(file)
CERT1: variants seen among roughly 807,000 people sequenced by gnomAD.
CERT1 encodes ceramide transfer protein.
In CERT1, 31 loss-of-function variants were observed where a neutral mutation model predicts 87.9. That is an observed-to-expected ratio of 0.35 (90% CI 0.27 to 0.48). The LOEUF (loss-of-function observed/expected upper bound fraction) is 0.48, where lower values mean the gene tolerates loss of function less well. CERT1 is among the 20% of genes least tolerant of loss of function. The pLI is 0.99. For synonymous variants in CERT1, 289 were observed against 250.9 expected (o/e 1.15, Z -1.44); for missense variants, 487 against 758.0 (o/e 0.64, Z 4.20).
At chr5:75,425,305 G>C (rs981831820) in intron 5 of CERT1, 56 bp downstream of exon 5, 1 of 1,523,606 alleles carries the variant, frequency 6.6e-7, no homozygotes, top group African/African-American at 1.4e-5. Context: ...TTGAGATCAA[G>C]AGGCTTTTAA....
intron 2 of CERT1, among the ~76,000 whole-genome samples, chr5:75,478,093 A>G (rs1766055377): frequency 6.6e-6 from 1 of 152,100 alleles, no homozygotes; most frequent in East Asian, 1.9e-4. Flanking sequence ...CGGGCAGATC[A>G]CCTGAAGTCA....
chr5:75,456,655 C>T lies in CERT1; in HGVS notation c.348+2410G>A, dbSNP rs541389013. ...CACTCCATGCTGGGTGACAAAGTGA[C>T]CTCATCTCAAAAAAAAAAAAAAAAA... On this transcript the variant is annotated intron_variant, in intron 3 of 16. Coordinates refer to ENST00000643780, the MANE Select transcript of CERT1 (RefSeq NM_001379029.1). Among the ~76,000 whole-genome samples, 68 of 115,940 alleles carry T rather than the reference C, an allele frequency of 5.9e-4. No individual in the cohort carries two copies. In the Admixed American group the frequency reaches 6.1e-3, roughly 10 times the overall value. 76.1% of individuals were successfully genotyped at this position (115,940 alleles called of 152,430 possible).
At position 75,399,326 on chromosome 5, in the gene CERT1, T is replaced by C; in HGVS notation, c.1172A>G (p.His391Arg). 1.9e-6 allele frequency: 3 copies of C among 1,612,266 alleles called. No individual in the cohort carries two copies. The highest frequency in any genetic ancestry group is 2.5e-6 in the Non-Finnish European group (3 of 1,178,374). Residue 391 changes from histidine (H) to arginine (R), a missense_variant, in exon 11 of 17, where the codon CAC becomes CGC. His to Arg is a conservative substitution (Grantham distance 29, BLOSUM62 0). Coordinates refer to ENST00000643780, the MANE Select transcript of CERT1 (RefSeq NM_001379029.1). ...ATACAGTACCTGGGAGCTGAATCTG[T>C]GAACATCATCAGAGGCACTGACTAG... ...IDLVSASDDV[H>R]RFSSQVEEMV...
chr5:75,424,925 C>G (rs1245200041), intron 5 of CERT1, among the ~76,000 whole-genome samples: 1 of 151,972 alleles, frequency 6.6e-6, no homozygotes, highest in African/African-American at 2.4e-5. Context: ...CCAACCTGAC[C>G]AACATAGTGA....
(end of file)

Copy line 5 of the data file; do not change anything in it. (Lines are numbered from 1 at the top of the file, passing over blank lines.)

intron 2 of CERT1, among the ~76,000 whole-genome samples, chr5:75,478,093 A>G (rs1766055377): frequency 6.6e-6 from 1 of 152,100 alleles, no homozygotes; most frequent in East Asian, 1.9e-4. Flanking sequence ...CGGGCAGATC[A>G]CCTGAAGTCA....